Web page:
At our college, the Spring session is winding down and the heat of summer has been unencumbered by the calendar’s official start. So I find myself thankful for the days in the office when I can enjoy some AC and catch up on the work that always seems to be put by the wayside during busier times. That includes catching up on the stack of reading in my field of graphic design and art, and especially in teaching and learning.
To that end, as I read through some of the articles, I find myself saying “Yes!” I can relate to this situation. How can I adapt some of the suggestions they’re making to my own classroom?
Here are some samples:
- Lessons from Improv acting for the classroom – Using the phrase “Yes, and…” the author, Kevin Brown from Lee University, suggests this technique from improv theatre for allowing a freer exchange and discussion in the classroom. The issue is that often, when a professor asks an open-ended question, they’re often focused on a defined answer that they already have in mind. This can lead to student shut-down. They know the teacher has an answer in mind, and the discussion is stilted and uncertain. However, by saying “Yes, and…” you can encourage a conversation that can lead to new possibilities and engage students more in the topic at hand. Read more here in the June/July 2017 issue of The Teaching Professor (subscription required – Mott employees should contact me).
- New Group Approaches to Oral Exams – Tod Outlaw of Wayland Baptist University in Hawai’i has a rather unique approach he’s developed for helping students learn material in a more effective way through the use of oral exams. His concern was how to overcome both anxiety and the braindump effect where students simply don’t remember the material after the test. Employing a series of steps he’s developed, he is able to create an environment where students effectively are tested several times but in ways that don’t seem obvious until the day of the actual scheduled test. The groups work together to research information on the topics list he provides, they engage online via Blackboard, and then also have a brief but furious discussion prior to the oral exam. The results, he says, is that students actually retain the information and understand it better than just having them study for a standard written test. Read more here in the June/July 2017 issue of The Teaching Professor (subscription required – Mott employees should contact me).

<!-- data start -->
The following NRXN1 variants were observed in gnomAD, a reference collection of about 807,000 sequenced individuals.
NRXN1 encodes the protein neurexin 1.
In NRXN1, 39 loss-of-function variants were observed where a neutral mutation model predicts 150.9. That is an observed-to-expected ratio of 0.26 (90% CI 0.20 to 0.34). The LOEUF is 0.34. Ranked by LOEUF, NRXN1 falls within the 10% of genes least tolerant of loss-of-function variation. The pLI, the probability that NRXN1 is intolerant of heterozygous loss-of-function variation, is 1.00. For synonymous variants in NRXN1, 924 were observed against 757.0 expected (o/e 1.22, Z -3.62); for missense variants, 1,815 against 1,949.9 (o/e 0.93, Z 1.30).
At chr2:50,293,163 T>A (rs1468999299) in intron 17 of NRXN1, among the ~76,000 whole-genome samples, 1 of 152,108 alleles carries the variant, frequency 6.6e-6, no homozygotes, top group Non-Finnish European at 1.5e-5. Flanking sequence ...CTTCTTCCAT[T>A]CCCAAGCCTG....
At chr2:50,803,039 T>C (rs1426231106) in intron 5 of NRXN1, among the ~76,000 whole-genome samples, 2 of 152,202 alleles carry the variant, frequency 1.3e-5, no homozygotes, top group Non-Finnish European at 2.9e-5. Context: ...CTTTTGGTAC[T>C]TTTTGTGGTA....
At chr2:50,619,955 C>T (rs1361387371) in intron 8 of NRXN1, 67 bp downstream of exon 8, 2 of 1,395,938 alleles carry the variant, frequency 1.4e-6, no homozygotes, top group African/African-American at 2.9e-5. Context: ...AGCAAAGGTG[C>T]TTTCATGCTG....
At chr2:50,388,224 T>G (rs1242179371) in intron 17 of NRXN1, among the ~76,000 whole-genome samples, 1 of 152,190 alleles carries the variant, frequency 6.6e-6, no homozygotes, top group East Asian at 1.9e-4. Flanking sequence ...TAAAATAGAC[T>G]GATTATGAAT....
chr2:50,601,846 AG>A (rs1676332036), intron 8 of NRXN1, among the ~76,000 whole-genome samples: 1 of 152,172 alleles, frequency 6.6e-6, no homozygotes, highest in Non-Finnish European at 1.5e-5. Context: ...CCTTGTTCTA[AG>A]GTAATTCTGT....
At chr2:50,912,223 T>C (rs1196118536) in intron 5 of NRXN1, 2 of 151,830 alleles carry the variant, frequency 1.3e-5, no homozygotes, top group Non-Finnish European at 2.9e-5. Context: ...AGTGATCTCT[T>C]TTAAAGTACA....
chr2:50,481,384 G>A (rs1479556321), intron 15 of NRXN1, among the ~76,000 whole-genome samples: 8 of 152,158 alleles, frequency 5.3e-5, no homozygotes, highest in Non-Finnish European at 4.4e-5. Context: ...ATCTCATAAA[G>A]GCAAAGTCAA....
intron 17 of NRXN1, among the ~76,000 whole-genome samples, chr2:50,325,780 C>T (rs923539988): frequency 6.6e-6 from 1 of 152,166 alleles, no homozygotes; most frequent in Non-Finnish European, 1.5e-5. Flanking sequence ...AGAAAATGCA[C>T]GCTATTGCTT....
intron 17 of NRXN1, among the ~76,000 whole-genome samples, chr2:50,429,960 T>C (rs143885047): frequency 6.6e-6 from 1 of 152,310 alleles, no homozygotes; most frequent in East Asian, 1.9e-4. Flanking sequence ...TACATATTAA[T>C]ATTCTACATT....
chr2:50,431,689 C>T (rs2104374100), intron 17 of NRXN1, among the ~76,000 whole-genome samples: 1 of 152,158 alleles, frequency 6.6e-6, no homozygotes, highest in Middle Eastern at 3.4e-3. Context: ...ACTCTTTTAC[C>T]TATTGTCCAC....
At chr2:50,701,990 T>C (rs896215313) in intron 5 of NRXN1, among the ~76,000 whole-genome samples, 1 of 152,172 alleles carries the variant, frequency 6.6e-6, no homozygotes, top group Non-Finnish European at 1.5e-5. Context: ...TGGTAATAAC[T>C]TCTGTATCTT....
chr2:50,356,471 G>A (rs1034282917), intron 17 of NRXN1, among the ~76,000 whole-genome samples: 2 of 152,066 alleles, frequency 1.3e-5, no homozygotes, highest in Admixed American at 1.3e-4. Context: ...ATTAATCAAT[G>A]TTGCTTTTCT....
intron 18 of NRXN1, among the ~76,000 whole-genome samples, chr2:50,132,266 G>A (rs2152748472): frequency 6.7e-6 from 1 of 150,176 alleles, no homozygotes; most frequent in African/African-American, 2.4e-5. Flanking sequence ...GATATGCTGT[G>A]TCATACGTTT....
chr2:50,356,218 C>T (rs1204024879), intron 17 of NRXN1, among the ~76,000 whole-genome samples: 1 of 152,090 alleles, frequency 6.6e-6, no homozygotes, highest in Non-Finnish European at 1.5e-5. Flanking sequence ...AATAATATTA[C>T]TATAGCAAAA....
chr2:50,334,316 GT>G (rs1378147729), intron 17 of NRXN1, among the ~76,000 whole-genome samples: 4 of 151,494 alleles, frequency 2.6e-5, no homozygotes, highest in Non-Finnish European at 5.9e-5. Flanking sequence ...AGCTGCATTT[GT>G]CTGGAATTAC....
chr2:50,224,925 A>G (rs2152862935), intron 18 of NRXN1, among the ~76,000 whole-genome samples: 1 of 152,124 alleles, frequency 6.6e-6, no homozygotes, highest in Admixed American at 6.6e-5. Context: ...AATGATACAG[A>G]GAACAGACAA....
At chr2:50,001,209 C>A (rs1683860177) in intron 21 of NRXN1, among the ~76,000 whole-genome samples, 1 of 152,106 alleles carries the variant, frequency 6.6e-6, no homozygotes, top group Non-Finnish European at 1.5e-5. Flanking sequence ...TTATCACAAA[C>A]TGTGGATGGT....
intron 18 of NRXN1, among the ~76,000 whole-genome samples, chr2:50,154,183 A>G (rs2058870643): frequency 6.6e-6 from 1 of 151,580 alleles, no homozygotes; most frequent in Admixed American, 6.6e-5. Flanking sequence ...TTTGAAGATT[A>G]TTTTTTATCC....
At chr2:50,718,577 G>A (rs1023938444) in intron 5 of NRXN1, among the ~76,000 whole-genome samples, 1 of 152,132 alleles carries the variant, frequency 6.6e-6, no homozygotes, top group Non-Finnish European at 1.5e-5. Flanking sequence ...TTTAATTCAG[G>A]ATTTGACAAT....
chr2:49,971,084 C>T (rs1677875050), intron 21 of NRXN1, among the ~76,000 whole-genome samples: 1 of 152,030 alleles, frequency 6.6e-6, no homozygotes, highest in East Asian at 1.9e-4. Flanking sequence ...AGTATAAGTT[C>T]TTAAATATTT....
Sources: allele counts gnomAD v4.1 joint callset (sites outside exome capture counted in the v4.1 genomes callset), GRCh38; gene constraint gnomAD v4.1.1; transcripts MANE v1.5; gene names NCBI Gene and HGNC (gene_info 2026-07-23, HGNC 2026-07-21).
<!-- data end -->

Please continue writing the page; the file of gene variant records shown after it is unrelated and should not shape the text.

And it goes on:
For both of the above, I can easily see ways in which I could adapt them to my classroom in Art/Design where we normally do not see traditional written tests for primary grading. However, there are definitely details and topics where an oral exam built similar to the article’s outline could be useful in helping students retain information that’s important for their future development.
I’m looking forward to trying them both ideas in my classroom this fall! How about you? Have you come across some interesting articles with techniques that you intend to build on for your classroom? Share in the comments below, or email me!